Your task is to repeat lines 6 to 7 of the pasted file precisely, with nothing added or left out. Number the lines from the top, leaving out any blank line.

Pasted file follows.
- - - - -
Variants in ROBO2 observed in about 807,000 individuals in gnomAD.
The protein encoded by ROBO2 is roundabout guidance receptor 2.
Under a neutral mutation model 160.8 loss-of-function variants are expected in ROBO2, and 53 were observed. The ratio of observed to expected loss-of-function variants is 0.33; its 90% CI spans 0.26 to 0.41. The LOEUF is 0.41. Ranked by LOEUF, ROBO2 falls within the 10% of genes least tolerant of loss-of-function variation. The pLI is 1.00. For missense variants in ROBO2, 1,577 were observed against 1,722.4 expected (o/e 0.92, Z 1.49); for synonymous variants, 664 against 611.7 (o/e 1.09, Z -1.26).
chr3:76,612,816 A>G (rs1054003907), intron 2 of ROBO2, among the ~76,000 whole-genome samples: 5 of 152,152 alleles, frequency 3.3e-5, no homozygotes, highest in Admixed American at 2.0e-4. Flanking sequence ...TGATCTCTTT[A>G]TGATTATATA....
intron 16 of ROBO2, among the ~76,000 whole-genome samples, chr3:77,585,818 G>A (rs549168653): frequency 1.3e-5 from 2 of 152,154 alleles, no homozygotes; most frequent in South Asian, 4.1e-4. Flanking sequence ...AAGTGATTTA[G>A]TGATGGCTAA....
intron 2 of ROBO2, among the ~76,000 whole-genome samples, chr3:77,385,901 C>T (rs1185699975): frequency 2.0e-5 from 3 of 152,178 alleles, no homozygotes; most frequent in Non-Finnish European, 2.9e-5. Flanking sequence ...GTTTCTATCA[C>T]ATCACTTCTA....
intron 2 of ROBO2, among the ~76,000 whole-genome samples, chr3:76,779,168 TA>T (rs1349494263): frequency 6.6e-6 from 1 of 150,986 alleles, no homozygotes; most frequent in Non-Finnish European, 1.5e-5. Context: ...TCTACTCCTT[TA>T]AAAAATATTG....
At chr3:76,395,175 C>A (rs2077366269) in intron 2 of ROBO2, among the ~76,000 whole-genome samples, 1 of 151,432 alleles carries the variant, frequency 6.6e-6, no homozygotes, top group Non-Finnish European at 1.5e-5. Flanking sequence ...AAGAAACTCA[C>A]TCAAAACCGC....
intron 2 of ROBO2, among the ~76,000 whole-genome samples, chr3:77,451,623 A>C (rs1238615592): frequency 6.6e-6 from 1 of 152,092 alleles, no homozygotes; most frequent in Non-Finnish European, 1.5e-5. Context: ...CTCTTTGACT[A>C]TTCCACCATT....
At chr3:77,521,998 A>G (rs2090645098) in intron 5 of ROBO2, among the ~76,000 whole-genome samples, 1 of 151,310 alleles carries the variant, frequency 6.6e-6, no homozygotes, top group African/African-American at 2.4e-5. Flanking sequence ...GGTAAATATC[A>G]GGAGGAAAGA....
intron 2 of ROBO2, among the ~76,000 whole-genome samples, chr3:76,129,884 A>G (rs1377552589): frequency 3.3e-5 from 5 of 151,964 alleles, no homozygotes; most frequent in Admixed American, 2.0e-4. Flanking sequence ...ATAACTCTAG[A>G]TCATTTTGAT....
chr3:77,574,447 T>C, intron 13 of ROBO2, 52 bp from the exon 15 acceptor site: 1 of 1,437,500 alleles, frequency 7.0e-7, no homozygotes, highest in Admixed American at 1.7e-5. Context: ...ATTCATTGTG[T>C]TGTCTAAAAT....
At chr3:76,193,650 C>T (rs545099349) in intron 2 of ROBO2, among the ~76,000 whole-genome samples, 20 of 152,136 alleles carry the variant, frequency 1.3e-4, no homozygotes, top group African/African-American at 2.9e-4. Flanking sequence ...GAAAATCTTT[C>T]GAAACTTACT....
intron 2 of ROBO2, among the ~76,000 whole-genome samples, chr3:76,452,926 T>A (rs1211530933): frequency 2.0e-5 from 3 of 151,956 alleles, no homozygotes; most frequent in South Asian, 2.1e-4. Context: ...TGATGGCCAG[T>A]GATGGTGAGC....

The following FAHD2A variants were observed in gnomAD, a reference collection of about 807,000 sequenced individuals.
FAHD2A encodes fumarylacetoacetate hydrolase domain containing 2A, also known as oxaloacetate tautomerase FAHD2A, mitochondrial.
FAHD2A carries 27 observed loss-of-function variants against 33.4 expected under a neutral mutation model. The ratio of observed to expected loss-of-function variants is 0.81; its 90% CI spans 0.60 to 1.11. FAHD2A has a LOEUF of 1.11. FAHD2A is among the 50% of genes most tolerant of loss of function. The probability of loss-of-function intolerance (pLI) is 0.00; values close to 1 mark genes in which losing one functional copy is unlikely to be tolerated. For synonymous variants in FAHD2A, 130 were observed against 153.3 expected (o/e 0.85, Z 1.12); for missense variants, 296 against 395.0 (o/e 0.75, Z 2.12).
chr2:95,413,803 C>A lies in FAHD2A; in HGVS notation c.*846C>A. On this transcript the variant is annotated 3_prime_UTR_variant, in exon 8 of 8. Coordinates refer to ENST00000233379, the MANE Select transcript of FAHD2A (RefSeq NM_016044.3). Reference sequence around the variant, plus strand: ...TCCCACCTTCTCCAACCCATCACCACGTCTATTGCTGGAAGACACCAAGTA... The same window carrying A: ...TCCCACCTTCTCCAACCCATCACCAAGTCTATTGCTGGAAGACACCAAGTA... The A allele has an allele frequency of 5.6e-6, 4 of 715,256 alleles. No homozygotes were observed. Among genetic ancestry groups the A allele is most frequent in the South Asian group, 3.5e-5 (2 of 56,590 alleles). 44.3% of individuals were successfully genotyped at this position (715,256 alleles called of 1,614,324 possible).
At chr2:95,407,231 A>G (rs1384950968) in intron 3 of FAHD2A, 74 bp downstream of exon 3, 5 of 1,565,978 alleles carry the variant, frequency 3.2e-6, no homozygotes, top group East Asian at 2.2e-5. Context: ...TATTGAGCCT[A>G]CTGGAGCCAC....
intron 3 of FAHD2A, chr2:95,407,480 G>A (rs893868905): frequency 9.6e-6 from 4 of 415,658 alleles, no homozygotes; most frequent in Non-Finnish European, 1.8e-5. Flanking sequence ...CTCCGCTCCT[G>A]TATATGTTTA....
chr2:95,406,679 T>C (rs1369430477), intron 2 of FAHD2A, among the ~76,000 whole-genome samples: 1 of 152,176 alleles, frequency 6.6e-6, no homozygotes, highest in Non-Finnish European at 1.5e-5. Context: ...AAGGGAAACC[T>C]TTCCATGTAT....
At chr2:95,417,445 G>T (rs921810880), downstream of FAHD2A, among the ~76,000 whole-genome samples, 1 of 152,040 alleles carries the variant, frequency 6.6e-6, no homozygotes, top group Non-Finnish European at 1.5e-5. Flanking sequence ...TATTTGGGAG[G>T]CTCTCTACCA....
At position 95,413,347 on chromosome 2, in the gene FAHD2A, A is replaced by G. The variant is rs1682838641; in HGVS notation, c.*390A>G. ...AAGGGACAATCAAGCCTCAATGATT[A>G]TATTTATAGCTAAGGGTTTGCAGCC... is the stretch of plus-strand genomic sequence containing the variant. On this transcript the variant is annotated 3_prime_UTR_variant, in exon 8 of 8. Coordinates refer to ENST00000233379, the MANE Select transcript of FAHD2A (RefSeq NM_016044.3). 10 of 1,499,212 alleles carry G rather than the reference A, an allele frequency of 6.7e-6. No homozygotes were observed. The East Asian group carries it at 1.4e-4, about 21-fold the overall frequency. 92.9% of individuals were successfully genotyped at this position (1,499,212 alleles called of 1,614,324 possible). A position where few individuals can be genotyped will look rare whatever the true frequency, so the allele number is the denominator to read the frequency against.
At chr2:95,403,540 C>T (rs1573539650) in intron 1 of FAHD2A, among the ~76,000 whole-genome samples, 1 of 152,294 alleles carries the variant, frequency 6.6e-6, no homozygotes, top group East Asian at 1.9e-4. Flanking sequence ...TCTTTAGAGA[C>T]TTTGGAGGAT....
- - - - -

intron 2 of ROBO2, among the ~76,000 whole-genome samples, chr3:77,385,901 C>T (rs1185699975): frequency 2.0e-5 from 3 of 152,178 alleles, no homozygotes; most frequent in Non-Finnish European, 2.9e-5. Flanking sequence ...GTTTCTATCA[C>T]ATCACTTCTA....
intron 2 of ROBO2, among the ~76,000 whole-genome samples, chr3:76,779,168 TA>T (rs1349494263): frequency 6.6e-6 from 1 of 150,986 alleles, no homozygotes; most frequent in Non-Finnish European, 1.5e-5. Context: ...TCTACTCCTT[TA>T]AAAAATATTG....